You typically need your checking account number to set up electronic payments or direct deposits. The easiest way to find that number is on a personal check (but there are other solutions if you don’t have checks handy).
The account number is located at the bottom of your check. There should be three sets of numbers in a special computer-readable font at the bottom:
- The first number on the left is your bank routing number.
- The second (middle) number is your account number.
- The third number is your check number.
For example, see the image on the top of this page. This layout applies to most personal checks, but business checks (and online bill payment checks) may be different.
You can generally find the account number on a check by locating the following symbol: ⑈. The digits just before that symbol are your account number.
Other Numbers on Your Check
If you need to provide an account number, there's a good chance you'll need to provide other details from the check as well. Your account number by itself is not sufficient to create a link to your bank account for direct deposit or automatic bill payments.
The number on the far left is generally your bank’s routing transit number (RTN) or American Bankers Association (ABA) number. That nine-digit code identifies your bank, but it does not identify your specific account at that bank.
The set of numbers on the far right should be a check number, which is helpful when researching an individual check for your own accounting. A check number does not reference your bank or your account—it’s just a unique identifier for every check you write, helping you track your spending and balance your checkbook. Check numbers are not crucial for processing payments. In fact, check numbers can be re-used or used out of sequential order without major problems.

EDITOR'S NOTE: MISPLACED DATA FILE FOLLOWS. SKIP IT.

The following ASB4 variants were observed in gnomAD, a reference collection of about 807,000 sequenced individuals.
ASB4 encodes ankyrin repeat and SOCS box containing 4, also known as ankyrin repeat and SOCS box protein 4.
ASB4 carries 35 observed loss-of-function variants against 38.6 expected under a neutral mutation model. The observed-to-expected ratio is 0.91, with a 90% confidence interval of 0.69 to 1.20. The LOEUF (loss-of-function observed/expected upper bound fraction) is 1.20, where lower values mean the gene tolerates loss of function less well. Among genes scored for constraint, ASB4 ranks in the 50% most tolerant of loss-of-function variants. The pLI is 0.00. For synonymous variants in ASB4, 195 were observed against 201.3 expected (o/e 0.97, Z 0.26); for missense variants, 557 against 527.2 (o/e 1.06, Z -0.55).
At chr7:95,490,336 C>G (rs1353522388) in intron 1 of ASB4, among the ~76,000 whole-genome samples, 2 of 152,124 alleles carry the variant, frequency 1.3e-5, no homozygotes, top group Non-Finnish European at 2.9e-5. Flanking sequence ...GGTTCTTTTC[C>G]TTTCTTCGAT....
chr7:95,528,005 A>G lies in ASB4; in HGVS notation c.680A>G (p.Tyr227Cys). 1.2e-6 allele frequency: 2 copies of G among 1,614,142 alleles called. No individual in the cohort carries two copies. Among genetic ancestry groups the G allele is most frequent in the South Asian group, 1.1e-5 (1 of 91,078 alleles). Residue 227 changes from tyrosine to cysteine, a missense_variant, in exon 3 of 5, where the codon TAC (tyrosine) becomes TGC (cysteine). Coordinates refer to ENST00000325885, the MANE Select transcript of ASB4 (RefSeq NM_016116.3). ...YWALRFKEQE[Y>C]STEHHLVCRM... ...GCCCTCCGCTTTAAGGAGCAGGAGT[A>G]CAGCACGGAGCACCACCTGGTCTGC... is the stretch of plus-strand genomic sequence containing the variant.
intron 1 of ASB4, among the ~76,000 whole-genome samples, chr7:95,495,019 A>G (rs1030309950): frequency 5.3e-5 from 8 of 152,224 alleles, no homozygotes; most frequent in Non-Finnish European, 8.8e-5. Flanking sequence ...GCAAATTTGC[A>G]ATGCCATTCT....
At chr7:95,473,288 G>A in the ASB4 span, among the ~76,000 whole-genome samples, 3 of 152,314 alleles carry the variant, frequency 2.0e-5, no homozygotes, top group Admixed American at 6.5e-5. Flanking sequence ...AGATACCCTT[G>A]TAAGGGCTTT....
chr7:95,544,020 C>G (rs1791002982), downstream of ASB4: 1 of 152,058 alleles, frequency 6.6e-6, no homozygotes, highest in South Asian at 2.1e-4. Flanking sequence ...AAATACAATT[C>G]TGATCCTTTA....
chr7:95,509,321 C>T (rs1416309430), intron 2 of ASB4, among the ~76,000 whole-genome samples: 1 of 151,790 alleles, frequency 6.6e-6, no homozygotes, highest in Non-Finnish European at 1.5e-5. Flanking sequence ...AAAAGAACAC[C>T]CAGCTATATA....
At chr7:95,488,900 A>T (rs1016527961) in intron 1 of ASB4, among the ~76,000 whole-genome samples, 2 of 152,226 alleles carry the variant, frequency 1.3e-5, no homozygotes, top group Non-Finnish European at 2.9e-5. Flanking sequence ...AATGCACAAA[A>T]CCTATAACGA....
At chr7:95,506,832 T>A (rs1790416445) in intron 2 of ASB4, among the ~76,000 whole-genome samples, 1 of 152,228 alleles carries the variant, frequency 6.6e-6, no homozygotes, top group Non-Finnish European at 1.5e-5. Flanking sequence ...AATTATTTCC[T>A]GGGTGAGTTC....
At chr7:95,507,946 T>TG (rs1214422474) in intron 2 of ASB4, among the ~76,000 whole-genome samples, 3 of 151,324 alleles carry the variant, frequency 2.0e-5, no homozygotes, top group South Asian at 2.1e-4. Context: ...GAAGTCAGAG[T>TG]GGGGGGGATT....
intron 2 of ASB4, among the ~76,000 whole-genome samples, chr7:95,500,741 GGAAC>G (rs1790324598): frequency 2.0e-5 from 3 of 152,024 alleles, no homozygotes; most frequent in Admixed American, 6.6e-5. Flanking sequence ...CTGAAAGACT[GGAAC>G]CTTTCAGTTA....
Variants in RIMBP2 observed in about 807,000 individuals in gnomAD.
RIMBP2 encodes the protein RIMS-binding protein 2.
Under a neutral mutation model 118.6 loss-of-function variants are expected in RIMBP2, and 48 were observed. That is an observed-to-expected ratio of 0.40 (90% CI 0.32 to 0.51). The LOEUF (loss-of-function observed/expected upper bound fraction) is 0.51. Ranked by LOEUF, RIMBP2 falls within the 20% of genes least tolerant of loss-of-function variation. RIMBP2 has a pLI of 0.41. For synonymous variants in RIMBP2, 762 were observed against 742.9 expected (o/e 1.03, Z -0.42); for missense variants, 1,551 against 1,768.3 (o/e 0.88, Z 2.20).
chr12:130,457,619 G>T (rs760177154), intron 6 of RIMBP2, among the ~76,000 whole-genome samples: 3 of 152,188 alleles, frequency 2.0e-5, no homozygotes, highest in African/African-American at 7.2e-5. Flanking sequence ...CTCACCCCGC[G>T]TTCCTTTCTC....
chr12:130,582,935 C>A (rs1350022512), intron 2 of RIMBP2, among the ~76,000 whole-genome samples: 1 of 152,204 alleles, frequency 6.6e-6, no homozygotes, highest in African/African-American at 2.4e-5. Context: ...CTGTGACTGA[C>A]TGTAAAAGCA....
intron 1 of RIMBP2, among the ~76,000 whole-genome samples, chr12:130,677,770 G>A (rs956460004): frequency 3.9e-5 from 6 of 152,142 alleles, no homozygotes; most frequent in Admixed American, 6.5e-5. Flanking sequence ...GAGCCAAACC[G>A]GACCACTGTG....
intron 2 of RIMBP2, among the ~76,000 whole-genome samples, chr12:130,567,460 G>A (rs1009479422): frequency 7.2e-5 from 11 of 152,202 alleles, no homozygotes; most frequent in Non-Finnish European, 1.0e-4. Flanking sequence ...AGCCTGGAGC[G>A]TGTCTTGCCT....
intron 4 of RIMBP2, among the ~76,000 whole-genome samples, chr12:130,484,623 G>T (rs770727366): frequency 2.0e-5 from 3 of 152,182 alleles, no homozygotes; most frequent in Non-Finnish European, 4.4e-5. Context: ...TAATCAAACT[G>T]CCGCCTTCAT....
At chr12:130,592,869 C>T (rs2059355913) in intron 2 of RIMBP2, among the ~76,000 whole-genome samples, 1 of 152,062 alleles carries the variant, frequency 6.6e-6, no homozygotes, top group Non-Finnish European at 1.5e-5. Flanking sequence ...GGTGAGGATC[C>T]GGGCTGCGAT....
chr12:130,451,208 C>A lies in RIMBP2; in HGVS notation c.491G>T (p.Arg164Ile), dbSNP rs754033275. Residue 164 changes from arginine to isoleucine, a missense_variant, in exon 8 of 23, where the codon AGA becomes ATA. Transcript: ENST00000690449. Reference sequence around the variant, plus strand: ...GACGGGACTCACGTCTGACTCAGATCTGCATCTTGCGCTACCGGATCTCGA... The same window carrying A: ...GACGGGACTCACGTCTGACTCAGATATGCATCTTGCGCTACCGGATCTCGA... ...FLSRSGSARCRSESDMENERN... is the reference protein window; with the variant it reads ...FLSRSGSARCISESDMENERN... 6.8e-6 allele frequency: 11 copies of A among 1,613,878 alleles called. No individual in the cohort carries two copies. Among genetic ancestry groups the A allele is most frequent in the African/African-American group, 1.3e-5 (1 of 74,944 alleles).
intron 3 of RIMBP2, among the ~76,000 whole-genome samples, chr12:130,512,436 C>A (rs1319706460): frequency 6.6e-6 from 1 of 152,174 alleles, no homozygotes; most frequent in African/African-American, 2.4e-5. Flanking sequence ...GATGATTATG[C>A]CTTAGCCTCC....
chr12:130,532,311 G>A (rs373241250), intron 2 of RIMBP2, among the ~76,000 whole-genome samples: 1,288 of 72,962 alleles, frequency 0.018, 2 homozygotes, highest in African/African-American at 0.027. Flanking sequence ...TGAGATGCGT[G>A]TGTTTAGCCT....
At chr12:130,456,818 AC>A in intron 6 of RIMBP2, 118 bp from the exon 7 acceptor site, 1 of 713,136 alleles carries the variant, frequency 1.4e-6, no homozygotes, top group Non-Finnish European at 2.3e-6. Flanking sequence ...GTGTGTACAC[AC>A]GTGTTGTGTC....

Business Checks and Bank-Printed Checks
The format described and shown in the example above applies to most personal checks. However, checks that come from businesses (such as payroll checks) and checks that have been printed out by your bank might have a different format.
Checks mailed by businesses or sent from online bill payment services often have account numbers as the third set of numbers from the left.
To further complicate matters, those checks may use account and routing numbers that are different from the numbers on your personal checks. If you try to copy your account number from a check printed using your bank’s online bill payment tool, you’ll get an account number that does not map directly to your individual account. Instead, that number points to an account that your bank uses for bill payments. You won't be able to use those numbers to link your account for direct deposit, Automated Clearing House (ACH) payments, or wire transfers.
It’s best to use a recently printed personal check to find your account information. If you have any doubts about which numbers to use, just contact your bank and get the details.
Ask Customer Service
A customer service representative at your bank can tell you everything you need to know to get your automatic payments set up. They’ll need to know exactly which account you want to use because ABA numbers may vary depending on where you opened your account. You might also be able to find this information online when you’re logged into your account. Look for a direct deposit form, account details area, or instructions for setting up Electronic Funds Transfer (EFT) and ACH.
Getting the account number right is worth a few minutes on the phone with customer service. Consider the consequences of an improper setup: You might not get paid on time, and you might end up bouncing checks or missing payments for important things (like your mortgage or student loan, which can lead to serious headaches and expenses). Get it done right the first time, and then let everything run on autopilot—that’s the whole point of signing up for electronic payments.
If You Don’t Have Checks
It’s easy to find your account number on a check, but what if you don’t have any checks? The next best place to look is your monthly statement. In some cases, your account number is partially hidden (especially if you view statements online), so you may need to call or chat online with customer service. You may also be able to click on something that enables you to expand or "show" your full account number.
Frequently Asked Questions (FAQs)
How long is a bank account number?
Account numbers vary, but they typically fall between 10 and 12 numbers. Bank routing numbers are always nine numbers.
Which account number is on a check?
The number on the check is tied to the account that the check will draw funds from. If you have multiple accounts with your bank, you will have to look up your account numbers online and match them to your check to learn which account the check is tied to.